The RCMP are investigating the death Tuesday of soldier at a home just outside Canadian Forces Base Shilo in Manitoba.

Authorities in Alberta are examining the death of reservist, who was found in distress at a correctional centre in Lethbridge and died in hospital on Monday.

Both cases are suspected suicides and Nicholson says nobody wants to see anything like this.

He says he's looking for reports and advice from the military about what the next step might be.

But NDP defence critic Jack Harris says the country is failing its wounded soldiers and pointed to a backlog of 50 incomplete military inquiries into the suicides of members since 2008.

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Lieutenant-General Hainse Addresses Recent Canadian Soldier Deaths (THREE)
« Reply #5 on: November 28, 2013, 05:07:59 PM »
November 28, 2013

Lieutenant-General Hainse Addresses Recent Canadian Soldier Deaths

OTTAWA, ONTARIO--(Marketwired - Nov. 28, 2013) - The loss of a soldier, in any circumstance, is tragic and we mourn with the family and friends of the deceased while the Canadian Army endeavours to support them in their loss.

As the Commander of the Canadian Army, I am disturbed by the loss of three of our soldiers. The Canadian Army cares deeply for each and every member. It goes without saying that we take every death seriously and as such we will explore all facets of these situations to try and learn from them and reduce future occurrences while also providing the best support to the Army family whenever a death does occur.

Note to editors/ News directors:

Contact information:

Canadian Army Headquarters: Captain Denny Brown, Public Affairs Officer, 613-971-7118

---------------

Le 28 novembre 2013
Le lieutenant-général Hainse fait état des récents décès de soldats canadiens
OTTAWA, ONTARIO--(Marketwired - 28 nov. 2013) - La perte d'un soldat, en toute circonstance, est tragique et nous pleurons avec la famille et les amis du défunt tandis que l'Armée canadienne s'efforce de les soutenir dans leur perte.

En tant que le commandant de l'Armée canadienne, je suis troublé par la perte de trois de nos soldats. L'Armée canadienne se préoccupe grandement de chacun de ses membres. Cela va sans dire que nous prenons chaque décès au sérieux et c'est pourquoi nous examinerons tous les aspects de ces situations pour en tirer des leçons et réduire le nombre de cas futurs tout en offrant le meilleur soutien à la famille de l'Armée lorsque survient un décès.

Note aux rédacteurs en chef/chefs des nouvelles :

Coordonnées de la personne-ressource :

Quartier général de l'Armée canadienne : Capitaine Denny Brown, Officier des affaires publiques, 613-971-7118


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A quick look at some facts about suicide in the Canadian Forces
« Reply #7 on: November 28, 2013, 08:15:17 PM »
A quick look at some facts about suicide in the Canadian Forces

By The Canadian Press November 28, 2013 7:00 PM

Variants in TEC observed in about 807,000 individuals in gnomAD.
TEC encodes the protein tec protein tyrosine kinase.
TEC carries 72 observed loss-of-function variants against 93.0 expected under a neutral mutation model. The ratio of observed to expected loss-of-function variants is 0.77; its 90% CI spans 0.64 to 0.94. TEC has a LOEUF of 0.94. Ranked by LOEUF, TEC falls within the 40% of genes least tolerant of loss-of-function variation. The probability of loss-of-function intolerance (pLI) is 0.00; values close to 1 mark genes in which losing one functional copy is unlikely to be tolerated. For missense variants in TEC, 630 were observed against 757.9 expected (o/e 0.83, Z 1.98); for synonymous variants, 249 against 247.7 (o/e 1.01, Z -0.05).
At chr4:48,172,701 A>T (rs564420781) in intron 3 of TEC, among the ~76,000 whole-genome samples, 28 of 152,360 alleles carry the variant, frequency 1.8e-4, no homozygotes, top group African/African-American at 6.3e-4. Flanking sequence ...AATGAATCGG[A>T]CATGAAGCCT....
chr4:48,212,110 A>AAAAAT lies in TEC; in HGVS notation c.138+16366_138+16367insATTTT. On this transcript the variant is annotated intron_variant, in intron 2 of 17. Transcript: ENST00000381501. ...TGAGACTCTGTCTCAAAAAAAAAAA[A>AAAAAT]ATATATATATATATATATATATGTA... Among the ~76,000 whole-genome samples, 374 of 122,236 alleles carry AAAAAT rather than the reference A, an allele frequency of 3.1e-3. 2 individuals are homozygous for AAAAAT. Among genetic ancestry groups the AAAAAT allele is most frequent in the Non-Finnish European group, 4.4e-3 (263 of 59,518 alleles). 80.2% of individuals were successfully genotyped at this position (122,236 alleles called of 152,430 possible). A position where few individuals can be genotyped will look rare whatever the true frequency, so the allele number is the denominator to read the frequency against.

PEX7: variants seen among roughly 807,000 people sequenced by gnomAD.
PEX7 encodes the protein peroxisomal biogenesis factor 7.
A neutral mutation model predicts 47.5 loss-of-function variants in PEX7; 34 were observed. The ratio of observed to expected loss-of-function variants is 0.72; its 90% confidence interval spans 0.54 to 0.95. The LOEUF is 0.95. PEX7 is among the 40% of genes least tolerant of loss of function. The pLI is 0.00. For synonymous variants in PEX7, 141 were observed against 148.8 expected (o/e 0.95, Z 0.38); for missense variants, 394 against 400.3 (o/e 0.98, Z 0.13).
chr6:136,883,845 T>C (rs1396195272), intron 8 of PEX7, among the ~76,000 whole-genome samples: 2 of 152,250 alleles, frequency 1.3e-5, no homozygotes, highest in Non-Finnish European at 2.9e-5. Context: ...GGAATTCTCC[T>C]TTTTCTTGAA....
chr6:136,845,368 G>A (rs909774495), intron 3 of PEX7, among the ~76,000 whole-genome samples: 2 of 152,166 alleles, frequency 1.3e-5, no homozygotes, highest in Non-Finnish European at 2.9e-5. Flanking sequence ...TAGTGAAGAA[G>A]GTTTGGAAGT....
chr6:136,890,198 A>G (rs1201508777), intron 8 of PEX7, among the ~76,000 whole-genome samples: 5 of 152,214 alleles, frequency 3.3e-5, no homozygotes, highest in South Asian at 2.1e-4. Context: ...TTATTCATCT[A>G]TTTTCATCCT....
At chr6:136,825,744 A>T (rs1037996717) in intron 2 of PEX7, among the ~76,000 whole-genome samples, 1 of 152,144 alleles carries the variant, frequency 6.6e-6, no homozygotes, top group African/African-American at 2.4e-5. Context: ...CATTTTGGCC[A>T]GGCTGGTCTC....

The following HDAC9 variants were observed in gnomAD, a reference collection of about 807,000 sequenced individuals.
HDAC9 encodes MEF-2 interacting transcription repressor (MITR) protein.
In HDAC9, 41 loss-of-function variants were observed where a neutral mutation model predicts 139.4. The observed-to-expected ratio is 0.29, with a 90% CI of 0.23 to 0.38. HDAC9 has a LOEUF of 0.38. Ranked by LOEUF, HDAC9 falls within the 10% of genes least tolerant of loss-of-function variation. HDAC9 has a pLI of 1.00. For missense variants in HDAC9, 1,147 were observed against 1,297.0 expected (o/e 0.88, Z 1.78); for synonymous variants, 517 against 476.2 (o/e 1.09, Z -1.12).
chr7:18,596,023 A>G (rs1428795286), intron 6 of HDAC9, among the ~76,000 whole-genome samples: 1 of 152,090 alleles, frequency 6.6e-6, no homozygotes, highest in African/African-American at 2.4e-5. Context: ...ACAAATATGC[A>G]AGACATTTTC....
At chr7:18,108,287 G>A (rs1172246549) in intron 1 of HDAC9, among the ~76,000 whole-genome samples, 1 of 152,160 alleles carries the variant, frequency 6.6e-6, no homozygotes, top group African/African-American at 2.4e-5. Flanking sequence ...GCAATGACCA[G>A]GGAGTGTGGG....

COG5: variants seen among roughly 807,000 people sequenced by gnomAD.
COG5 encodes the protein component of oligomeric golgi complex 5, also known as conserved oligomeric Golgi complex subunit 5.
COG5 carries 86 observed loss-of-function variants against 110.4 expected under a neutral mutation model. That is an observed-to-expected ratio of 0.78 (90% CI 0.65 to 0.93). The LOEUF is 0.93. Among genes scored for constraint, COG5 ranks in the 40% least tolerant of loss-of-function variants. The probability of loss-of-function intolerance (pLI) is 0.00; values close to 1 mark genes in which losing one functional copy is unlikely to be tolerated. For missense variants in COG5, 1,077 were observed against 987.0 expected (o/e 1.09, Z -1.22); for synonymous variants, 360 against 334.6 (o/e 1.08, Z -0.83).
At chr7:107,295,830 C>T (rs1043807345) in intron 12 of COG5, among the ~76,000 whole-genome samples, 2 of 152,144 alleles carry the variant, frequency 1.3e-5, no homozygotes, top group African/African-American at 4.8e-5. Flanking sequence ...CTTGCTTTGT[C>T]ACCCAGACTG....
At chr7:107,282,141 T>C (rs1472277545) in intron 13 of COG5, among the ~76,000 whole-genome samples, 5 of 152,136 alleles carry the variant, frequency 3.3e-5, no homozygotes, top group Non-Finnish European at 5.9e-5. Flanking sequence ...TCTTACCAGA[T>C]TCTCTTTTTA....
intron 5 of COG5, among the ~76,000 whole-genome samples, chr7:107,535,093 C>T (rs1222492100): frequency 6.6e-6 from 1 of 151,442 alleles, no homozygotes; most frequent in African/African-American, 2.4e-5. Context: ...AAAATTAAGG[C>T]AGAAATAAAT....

http://www.montrealgazette.com/news/quick+look+some+facts+about+suicide+Canadian+Forces/9225169/story.html

OTTAWA - Some facts about suicide in the Canadian Forces:

— In 2011, the year Canada completed its combat mission in Afghanistan, 22 soldiers committed suicide, says a Forces study from March 2013.

— In 2012, there were 13 suicides, the report said.

— The report dealt only with suicides among members of the regular forces, not reservists, even though many reservists fought in Afghanistan.

— The military says suicides among reservists are generally handled outside the military system.

— A 2011 study by Statistics Canada and the Defence Department found that among soldiers released from the military, the risk of suicide was about one and a half times higher than in the general male population.

— In the United States, 349 active and reserve soldiers killed themselves in 2012, up from 301 in 2011.

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Death of three Afghan veterans highlights military’s failure to conclude investigations into 70 suicides

Defence Minister Rob Nicholson said suicide of threeCanadian Force members "tragedies." Photo: THE CANADIAN PRESS/Adrian Wyld

http://o.canada.com/news/three-suicides-this-week-highlight-militarys-failure-to-conclude-50-investigations-into-soldier-deaths/



OTTAWA – Questions are being raised about the military’s failure to conclude 70 inquiries into soldier suicides, after three veterans of the war in Afghanistan were found dead in separate incidents this week.

National Defence identified the dead soldiers late Thursday as Warrant Officer Michael McNeil, a 19-year veteran with the Royal Canadian Regiment based out of Canadian Forces Base Petawawa in Ontario; Master Cpl. William Elliott, a decorated veteran with the Princess Patricia’s Light Infantry out of CFB Shilo, Man.; and Master Bombardier Travis Halmrast from the 20th Independent Field Battery in Lethbridge, Ont.

All three served at least one tour in Afghanistan, twice in Elliott’s case.

VIDEO: http://o.canada.com/news/three-suicides-this-week-highlight-militarys-failure-to-conclude-50-investigations-into-soldier-deaths/